30 Jan 2013
Rain and cold air overtook what’s been a warm, muggy New Orleans. Thunderstorms threw a wrench in some of the television networks' productions. Around town, fans are starting to fill up the streets. It seems the vast majority of them favor the Ravens.
In the media center, it can be hard to stay focused amidst the distraction of star power. Jerry Rice, Emmitt Smith, Maurice Jones-Drew, Eli Manning, and all the NFL Network people were milling around here today. They’re everywhere. In the Hilton Riverside Hotel lobby, I ate lunch at the bar next to Jalen Rose. Terrell Davis was sitting by himself on the other side. Last night, Ron Jaworski and Mike Ditka were sharing drinks at one of the tables. That’s standard stuff at Super Bowls. To a certain degree, the media gets numb to the star power, which is understandable, but in a way, too bad. There are plenty of autograph hounds and energetic fans who stand on the outskirts of the media center and hotels, just eager to catch a glimpse. They seem to enjoy a much deeper excitement for the Super Bowl scene.
Earlier today, a marching band randomly came through the media center, horns blazing. It was loud and minus an apparent purpose, but no one really seemed to mind. Last night was the media party at Mardi Gras World. Many of the 5,000-odd patrons were smitten with the bands and dancers that lined the street leading up to the entrance. Inside, there were several open bars, decorative floats, and 40 different booths featuring complimentary meals from New Orleans' top restaurants. There were about two stadiums worth of open rooms, all decorated to the max and alive with different jazz bands. At one point, Dan Aykroyd appeared onstage, did one Blues Brothers number, and then vanished. James Carville was also there, just rubbing elbows.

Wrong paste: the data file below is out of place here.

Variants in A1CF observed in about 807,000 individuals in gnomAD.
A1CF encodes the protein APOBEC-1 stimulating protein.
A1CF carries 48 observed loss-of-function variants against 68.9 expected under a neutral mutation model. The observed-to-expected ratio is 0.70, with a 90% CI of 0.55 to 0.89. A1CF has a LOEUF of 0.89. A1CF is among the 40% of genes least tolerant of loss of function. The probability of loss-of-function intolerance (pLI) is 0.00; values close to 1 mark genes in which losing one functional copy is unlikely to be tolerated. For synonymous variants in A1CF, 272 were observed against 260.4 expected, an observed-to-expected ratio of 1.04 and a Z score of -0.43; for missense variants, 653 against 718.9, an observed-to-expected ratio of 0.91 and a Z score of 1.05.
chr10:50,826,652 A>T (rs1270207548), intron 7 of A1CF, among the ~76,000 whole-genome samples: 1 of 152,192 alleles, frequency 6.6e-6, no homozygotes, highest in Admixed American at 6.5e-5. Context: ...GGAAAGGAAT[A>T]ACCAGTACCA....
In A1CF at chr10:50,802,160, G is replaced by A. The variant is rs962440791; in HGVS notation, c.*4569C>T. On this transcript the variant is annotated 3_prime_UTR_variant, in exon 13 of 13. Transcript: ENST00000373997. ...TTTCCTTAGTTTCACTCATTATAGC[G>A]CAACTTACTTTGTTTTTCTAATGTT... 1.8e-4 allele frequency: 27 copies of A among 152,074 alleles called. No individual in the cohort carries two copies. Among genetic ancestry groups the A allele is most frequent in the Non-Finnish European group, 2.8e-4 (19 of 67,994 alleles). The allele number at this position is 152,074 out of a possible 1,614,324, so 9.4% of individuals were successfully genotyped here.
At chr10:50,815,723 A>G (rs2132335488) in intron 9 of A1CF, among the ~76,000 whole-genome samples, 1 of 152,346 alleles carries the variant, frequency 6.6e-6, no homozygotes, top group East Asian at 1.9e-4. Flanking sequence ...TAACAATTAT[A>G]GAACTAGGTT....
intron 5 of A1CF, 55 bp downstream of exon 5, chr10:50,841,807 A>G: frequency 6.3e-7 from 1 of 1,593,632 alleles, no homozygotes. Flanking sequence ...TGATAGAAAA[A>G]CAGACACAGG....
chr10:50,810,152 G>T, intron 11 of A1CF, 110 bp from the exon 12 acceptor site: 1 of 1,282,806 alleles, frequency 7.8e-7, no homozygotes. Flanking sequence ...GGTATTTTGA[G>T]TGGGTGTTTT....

As far as the game goes, talking with insiders and expert outsiders around here (and talking with them last week in Mobile), the overwhelming story as it pertains to strategy is how you stop Colin Kaepernick and the read-option. Media-wise, as you’d probably guess, the Ray Lewis PED story has drawn most of the attention. (Just about everyone in the press has an attitude along the lines of "Of course he used PED’s, what’s the big deal?") There’s been some discussion over the debate Randy Moss started about who’s the greatest wide receiver of all-time. Of course, hose discussions turn into debates about Moss himself, since no one seems to disagree with the notion that Jerry Rice is, far and away, the greatest to ever play the position.
That’s all for now. As I type this, Ines Sainz is in the room filming whatever it is that people with near-perfect bodies film. NFL Films is taping some of the upcoming "Top 10" shows tomorrow. I’ll be spending most of this evening working on what I’m going to say. It’s a very well-produced show but, by its nature, it’s highly edited. So the trick is figuring out how to say things in sound bites that can’t be misconstrued.
Tomorrow will be a big day for one reason –- Beyonce's press conference. Those pressers always draw twice as much media and onlookers as any NFL presser.
2 comments, Last at 02 Feb 2013, 10:15am by dmb
Possibly the closest Super Bowl matchup in history also poses the question: how much does it mean when certain aspects of an NFL team improve dramatically in the second half of the season?